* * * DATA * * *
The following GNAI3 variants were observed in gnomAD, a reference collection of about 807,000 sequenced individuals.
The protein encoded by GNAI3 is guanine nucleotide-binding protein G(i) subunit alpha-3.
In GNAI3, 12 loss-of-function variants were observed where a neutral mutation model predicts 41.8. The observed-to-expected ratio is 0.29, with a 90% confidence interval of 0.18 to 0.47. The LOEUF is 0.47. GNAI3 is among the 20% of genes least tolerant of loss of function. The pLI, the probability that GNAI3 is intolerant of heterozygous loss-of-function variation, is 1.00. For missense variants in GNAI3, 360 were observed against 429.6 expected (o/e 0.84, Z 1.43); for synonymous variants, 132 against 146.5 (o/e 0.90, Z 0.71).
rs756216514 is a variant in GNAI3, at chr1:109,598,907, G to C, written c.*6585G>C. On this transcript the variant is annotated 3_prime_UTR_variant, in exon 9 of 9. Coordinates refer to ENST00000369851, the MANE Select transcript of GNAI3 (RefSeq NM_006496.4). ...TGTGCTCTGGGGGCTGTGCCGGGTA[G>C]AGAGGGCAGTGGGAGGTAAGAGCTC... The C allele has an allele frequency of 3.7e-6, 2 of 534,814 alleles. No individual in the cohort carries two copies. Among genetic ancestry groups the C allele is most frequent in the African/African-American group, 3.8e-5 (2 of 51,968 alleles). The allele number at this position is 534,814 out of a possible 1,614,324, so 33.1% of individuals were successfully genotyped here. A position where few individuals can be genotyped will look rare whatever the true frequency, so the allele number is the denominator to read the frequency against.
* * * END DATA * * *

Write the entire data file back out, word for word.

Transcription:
The following GNAI3 variants were observed in gnomAD, a reference collection of about 807,000 sequenced individuals.
The protein encoded by GNAI3 is guanine nucleotide-binding protein G(i) subunit alpha-3.
In GNAI3, 12 loss-of-function variants were observed where a neutral mutation model predicts 41.8. The observed-to-expected ratio is 0.29, with a 90% confidence interval of 0.18 to 0.47. The LOEUF is 0.47. GNAI3 is among the 20% of genes least tolerant of loss of function. The pLI, the probability that GNAI3 is intolerant of heterozygous loss-of-function variation, is 1.00. For missense variants in GNAI3, 360 were observed against 429.6 expected (o/e 0.84, Z 1.43); for synonymous variants, 132 against 146.5 (o/e 0.90, Z 0.71).
rs756216514 is a variant in GNAI3, at chr1:109,598,907, G to C, written c.*6585G>C. On this transcript the variant is annotated 3_prime_UTR_variant, in exon 9 of 9. Coordinates refer to ENST00000369851, the MANE Select transcript of GNAI3 (RefSeq NM_006496.4). ...TGTGCTCTGGGGGCTGTGCCGGGTA[G>C]AGAGGGCAGTGGGAGGTAAGAGCTC... The C allele has an allele frequency of 3.7e-6, 2 of 534,814 alleles. No individual in the cohort carries two copies. Among genetic ancestry groups the C allele is most frequent in the African/African-American group, 3.8e-5 (2 of 51,968 alleles). The allele number at this position is 534,814 out of a possible 1,614,324, so 33.1% of individuals were successfully genotyped here. A position where few individuals can be genotyped will look rare whatever the true frequency, so the allele number is the denominator to read the frequency against.